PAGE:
Last week, a study by the University of Washington projected an overwhelming drain on resources and an estimated 3,422 COVID-19 deaths in Tennessee, but researchers have significantly lowered their projections.

Updated Sunday, the new projection suggests Tennessee is well-equipped to fight the virus and may see fewer than 600 deaths statewide – but only with full social distancing.


“While some of the data we’ve seen today is somewhat encouraging, we implore the public to stay at home,” said Covington Mayor Justin Hanson. “These numbers assume people maintain full social distancing through May, which is a big assumption.”

The state is now expected to hit its peak resource use four days earlier on April 15 instead of April 19.

The study now shows 25 Tennesseans are expected to die as a result of COVID-19 on April 18, the state’s date of projected peak in daily deaths. The statewide deaths were estimated at 587 over the next four months.

In terms of resources, the revised study suggests:

  • the projected need for hospital beds decreased from 15,618 to 1,232; the state currently has 7,812
  • the state is now expected to need only 245 ICU beds instead of the 2,428 originally projected; the state has 629
  • Tennessee will only need 208 invasive ventilators, not the 1,943 first projected

Baptist Tipton administrator Parker Harris said the 100-bed facility in Covington is prepared.

“It’s hard to speculate the situation from our perspective, given that it’s ever-changing. In terms of locally, I am confident in the fantastic staff at Baptist Tipton and that we’re ready to respond. We have the capacity to take care of our community and the resources of the whole Baptist network ready to assist if that’s ever needed.”

That doesn’t mean it’s time to relax on social distancing, though

County Executive Jeff Huffman is encouraged by the projection, but wants the public to know that doesn’t mean it’s time to relax on practicing social distancing.

“In order to stay ahead of this we have to be vigilant about staying home,” he said. “We can’t relax the rules because the numbers will go back up. I don’t want to do that.”

On April 2, Huffman joined Gov. Bill Lee in mandating a stay at home order. Residents should not be engaged in non-essential activities. Tipton County’s sheriff and police chiefs want everyone to stay home as much as possible.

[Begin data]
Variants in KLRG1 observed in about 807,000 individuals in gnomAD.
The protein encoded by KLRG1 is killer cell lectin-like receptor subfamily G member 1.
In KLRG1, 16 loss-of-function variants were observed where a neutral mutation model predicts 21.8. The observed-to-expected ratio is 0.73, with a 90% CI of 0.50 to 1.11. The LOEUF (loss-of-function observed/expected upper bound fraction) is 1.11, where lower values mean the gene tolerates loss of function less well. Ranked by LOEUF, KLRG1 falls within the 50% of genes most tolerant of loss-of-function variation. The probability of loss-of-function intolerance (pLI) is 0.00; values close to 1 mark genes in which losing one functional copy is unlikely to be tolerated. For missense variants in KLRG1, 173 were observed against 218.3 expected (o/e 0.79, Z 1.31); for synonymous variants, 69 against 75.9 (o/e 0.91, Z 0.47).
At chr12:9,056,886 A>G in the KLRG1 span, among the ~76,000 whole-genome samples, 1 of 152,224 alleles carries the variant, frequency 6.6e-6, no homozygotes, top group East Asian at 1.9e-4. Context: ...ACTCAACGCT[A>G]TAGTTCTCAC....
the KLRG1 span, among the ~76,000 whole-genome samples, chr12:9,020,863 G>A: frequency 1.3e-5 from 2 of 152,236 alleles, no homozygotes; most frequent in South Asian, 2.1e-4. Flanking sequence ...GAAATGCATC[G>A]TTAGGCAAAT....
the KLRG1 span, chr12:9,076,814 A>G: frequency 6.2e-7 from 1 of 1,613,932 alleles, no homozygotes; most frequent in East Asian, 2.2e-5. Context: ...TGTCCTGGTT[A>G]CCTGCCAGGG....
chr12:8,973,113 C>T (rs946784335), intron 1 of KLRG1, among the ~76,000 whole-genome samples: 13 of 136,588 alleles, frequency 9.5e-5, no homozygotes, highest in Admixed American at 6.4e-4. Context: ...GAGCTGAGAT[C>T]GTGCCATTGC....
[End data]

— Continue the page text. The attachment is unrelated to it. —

Social distancing, which is the term that’s been given to keeping at least 6 feet from others and not gathering in groups of 10 or more people, is just one measure used by the Institute for Health Metrics and Evaluation for the projections. Others include hospital capacity, testing, confirmed cases, deaths and mandates by government agencies.

Coronavirus and Tipton County

Last week, Tipton County was rated a D- on social distancing.

The county reported 36 confirmed cases on Monday, which is an average increase of two new confirmed cases each day since March 19 and 5.89 cases per 10,000 residents.

Tipton actually leads West Tennessee in percentage of confirmed COVID-19 cases and ranks 13th in the state for cases per capita.

New data from Baptist-Tipton shows four patients are currently hospitalized and waiting on results of COVID-19 testing.

Statewide, Monday’s data from the Tennessee Department of Health showed at least 3,802 confirmed cases and 65 deaths. At least 352 people had been hospitalized at some point during infection.

The revised study is good news, but only if people take social distancing seriously.

“We need to take the advice that’s being given by medical folks,” Huffman said. “Right now, even with where the new projections are, being vigilant is the only defense we have.”

Hanson agreed, saying staying the course it’s what’s going to mean the difference between the first projection and the second.

“The bottom line here is saving lives,” he said.

Echo Day
Author: Echo Day

Echo Day is an award-winning journalist, photographer and designer. She is currently The Leader's managing editor.